Heart Disease in Firefighters

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Kales et al. Background. More than one million firefighters in USAbout 100 firefighters die each year on-Duty (1 in 10,000 per year) 1977-2004, CVD has caused ~45% on-Duty Deaths CHD ~40%. . Kales et al. US Firefighter Fatalities. 45% Heart Disease25% Motor Vehicle Related12% Asphyxiation18% Burns, Other Trauma, other.

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Heart Disease in Firefighters

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1. Heart Disease in Firefighters STEFANOS N. KALES, MD, MPH, FACP, FACOEM MEDICAL DIRECTOR EMPLOYEE HEALTH & INDUSTRIAL MEDICINE CAMBRIDGE HEALTH ALLIANCE ASSISTANT PROFESSOR OF MEDICINE HARVARD MEDICAL SCHOOL ASSISTANT PROFESSOR & DIRECTOR, OCCUPATIONAL & ENVIRONMENTAL MEDICINE RESIDENCY, HARVARD SCHOOL OF PUBLIC HEALTH

2. Kales et al Background More than one million firefighters in US About 100 firefighters die each year on-Duty (1 in 10,000 per year) 1977-2004, CVD has caused ~45% on-Duty Deaths CHD ~40%

3. Kales et al US Firefighter Fatalities 45% Heart Disease 25% Motor Vehicle Related 12% Asphyxiation 18% Burns, Other Trauma, other

4. Kales et al Heart Deaths by Occupation % of On-Duty Deaths caused by CVD Firefighters 45% Police 22% Overall* 15% Construction 11.5% EMS 11% *Average % of all Occupational Fatalities, all industries

5. Kales et al Development of Atherosclerotic Plaques During the initiation of atherosclerosis, LDL cholesterol accumulates in the subendothelial extracellular space within the arterial wall. Local vascular cells mildly oxidize LDL to a form known as minimally modified LDL, which is able to stimulate recruitment of monocytes and eventual deposition of macrophages.1 These further oxidize LDL to a form that can be scavenged and internalized, resulting in so-called foam cells.1 Such cells form the earliest visible lesion of atherosclerosis, the fatty streak.2 The aggregation of LDL-rich foam cells, derived from macrophages and T lymphocytes within the intima, progresses to development of an atherosclerotic plaque.2 This results from the death and rupture of the lipid-laden foam cells in the fatty streak. A crucial component of the maturing atherosclerotic plaque is the formation of a fibrous cap that separates the highly thrombogenic lipid-rich core from circulating platelets and other coagulation factors.3 Stable atherosclerotic plaques are characterized by the necrotic lipid core covered by a thicker, almost protective vascular smooth muscle cell-rich fibrous cap.3 Such a cap can be better strengthened and maintained by reducing LDL cholesterol.3 References Diaz MN, Frei B, Vita JA, Keaney JF. Antioxidants and atherosclerotic heart disease. New Engl J Med. 1997;337(6):408-416. Ross R. The pathogenesis of atherosclerosis: A perspective for the 1990s. Nature. 1993;362:801-809. Weissberg PL. Atherosclerosis involves more than just lipids: Plaque dynamics. Eur Heart J. 1999;1(suppl T):T13-T18.During the initiation of atherosclerosis, LDL cholesterol accumulates in the subendothelial extracellular space within the arterial wall. Local vascular cells mildly oxidize LDL to a form known as minimally modified LDL, which is able to stimulate recruitment of monocytes and eventual deposition of macrophages.1 These further oxidize LDL to a form that can be scavenged and internalized, resulting in so-called foam cells.1 Such cells form the earliest visible lesion of atherosclerosis, the fatty streak.2 The aggregation of LDL-rich foam cells, derived from macrophages and T lymphocytes within the intima, progresses to development of an atherosclerotic plaque.2 This results from the death and rupture of the lipid-laden foam cells in the fatty streak. A crucial component of the maturing atherosclerotic plaque is the formation of a fibrous cap that separates the highly thrombogenic lipid-rich core from circulating platelets and other coagulation factors.3 Stable atherosclerotic plaques are characterized by the necrotic lipid core covered by a thicker, almost protective vascular smooth muscle cell-rich fibrous cap.3 Such a cap can be better strengthened and maintained by reducing LDL cholesterol.3 References Diaz MN, Frei B, Vita JA, Keaney JF. Antioxidants and atherosclerotic heart disease. New Engl J Med. 1997;337(6):408-416. Ross R. The pathogenesis of atherosclerosis: A perspective for the 1990s. Nature. 1993;362:801-809. Weissberg PL. Atherosclerosis involves more than just lipids: Plaque dynamics. Eur Heart J. 1999;1(suppl T):T13-T18.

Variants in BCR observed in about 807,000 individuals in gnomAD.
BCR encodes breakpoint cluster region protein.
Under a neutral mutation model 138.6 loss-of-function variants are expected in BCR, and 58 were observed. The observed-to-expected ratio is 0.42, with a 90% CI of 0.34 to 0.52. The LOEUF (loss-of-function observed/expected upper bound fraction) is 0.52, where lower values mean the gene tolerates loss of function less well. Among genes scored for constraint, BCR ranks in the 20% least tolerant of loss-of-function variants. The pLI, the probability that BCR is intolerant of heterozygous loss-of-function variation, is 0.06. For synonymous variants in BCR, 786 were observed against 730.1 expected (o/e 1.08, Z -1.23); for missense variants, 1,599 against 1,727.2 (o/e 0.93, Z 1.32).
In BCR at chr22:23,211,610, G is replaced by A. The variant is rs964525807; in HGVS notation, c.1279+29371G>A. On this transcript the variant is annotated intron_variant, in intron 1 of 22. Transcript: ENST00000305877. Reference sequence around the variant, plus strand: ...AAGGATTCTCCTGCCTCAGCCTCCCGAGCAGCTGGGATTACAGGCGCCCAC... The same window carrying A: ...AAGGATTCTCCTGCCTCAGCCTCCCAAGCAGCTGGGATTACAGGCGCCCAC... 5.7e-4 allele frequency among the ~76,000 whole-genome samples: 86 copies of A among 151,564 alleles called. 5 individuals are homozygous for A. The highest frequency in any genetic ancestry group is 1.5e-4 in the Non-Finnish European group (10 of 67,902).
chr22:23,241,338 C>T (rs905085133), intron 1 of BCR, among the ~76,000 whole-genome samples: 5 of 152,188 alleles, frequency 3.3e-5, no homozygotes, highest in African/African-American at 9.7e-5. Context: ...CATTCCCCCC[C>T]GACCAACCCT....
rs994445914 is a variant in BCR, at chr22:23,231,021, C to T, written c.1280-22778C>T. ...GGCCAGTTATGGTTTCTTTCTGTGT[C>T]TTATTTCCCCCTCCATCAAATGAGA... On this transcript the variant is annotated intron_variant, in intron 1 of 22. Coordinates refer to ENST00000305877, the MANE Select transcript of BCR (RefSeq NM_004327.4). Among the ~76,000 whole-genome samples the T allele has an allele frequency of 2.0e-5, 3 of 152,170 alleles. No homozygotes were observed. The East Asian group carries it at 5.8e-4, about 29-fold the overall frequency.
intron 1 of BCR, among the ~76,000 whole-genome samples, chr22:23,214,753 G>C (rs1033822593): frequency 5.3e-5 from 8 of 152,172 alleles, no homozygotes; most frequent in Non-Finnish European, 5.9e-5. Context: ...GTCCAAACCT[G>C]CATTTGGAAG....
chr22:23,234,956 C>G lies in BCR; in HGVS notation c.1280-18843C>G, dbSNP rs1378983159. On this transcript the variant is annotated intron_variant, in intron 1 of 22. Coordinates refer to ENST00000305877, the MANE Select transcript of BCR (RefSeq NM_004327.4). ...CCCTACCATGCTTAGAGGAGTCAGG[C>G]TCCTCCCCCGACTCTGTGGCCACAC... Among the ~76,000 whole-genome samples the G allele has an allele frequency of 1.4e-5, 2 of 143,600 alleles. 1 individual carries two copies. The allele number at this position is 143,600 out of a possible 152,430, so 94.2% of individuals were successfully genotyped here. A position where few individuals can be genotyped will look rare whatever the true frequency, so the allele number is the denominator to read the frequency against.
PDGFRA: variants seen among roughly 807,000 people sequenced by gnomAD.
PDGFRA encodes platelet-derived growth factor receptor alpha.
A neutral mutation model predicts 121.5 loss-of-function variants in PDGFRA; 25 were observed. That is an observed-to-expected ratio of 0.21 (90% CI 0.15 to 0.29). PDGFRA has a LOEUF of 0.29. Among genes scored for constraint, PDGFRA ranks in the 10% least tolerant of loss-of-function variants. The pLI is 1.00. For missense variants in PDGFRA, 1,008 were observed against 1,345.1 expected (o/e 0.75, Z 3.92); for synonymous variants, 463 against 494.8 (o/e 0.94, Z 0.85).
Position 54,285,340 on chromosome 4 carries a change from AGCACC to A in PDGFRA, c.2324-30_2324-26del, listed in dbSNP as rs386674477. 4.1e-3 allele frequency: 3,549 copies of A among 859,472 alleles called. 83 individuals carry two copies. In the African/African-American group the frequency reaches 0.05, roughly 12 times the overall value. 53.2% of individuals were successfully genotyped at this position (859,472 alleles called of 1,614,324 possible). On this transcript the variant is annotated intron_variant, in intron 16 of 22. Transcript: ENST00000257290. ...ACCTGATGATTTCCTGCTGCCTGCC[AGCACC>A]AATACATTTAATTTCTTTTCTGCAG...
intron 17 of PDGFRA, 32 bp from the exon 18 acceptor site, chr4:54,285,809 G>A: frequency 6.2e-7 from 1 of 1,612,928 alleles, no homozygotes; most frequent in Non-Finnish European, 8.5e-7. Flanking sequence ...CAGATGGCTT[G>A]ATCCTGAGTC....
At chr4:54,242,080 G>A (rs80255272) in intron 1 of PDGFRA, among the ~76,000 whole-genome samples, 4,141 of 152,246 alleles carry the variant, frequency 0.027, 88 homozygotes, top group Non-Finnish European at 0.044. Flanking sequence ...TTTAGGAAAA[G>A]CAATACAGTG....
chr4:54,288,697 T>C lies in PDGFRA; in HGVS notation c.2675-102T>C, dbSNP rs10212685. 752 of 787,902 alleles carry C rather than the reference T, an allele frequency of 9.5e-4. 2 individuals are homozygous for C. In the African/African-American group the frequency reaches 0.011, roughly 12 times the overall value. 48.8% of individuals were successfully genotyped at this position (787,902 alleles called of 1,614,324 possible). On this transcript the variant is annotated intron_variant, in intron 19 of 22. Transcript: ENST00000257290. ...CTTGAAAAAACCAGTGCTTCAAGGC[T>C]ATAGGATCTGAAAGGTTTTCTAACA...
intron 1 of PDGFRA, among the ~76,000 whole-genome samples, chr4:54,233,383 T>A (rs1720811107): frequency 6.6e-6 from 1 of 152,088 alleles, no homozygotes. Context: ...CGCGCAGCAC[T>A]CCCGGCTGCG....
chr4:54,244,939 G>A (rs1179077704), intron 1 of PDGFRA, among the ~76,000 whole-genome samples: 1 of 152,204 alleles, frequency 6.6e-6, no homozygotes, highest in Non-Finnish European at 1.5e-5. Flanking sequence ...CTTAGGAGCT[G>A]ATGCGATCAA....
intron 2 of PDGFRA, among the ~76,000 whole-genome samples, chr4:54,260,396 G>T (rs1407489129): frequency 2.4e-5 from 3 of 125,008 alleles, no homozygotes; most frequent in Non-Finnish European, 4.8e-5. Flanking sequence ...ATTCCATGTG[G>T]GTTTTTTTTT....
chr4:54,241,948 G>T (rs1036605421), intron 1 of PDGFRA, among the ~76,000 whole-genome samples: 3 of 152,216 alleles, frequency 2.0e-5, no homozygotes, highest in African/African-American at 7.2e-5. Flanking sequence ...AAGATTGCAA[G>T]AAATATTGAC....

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7. Kales et al Cohort Studies vs. Presumption Laws Definitive evidence of an increased CHD risk in Firefighters lacking. Based on >/=10 cohort mortality studies Firefighters’ risk of CHD Death SMR of ~0.9 High proportion of CHD deaths and recognition of Cardiovascular Stressors has led to “Heart Presumption” laws in 37 / 50 states and 2 Canadian Provinces

8. Kales et al On-Duty Events, Work-Related or Just happen at Work??? Potential Occupational Cardiovascular Stressors Heavy Physical Exertion - on an Irregular Basis > 50 lbs Personal Protective Equipment Near Maximal-Maximal HR (at least 10 METS) Heat Stress & Fluid losses

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21. Kales et al Duty-related Risks: Interpretation Fire Suppression: Heavy Physical Exertion, > 50 lbs PPE, Near Maximal, Heat Stress & Fluid losses, Smoke Exposure, Danger & Stress Training: Risk concentrated in live-fire/simulation drills (exposures as above) & Physical testing in persons without adequate medical clearance. Alarm Response: “Fight or Flight” physiology with full cardiovascular arousal, Noise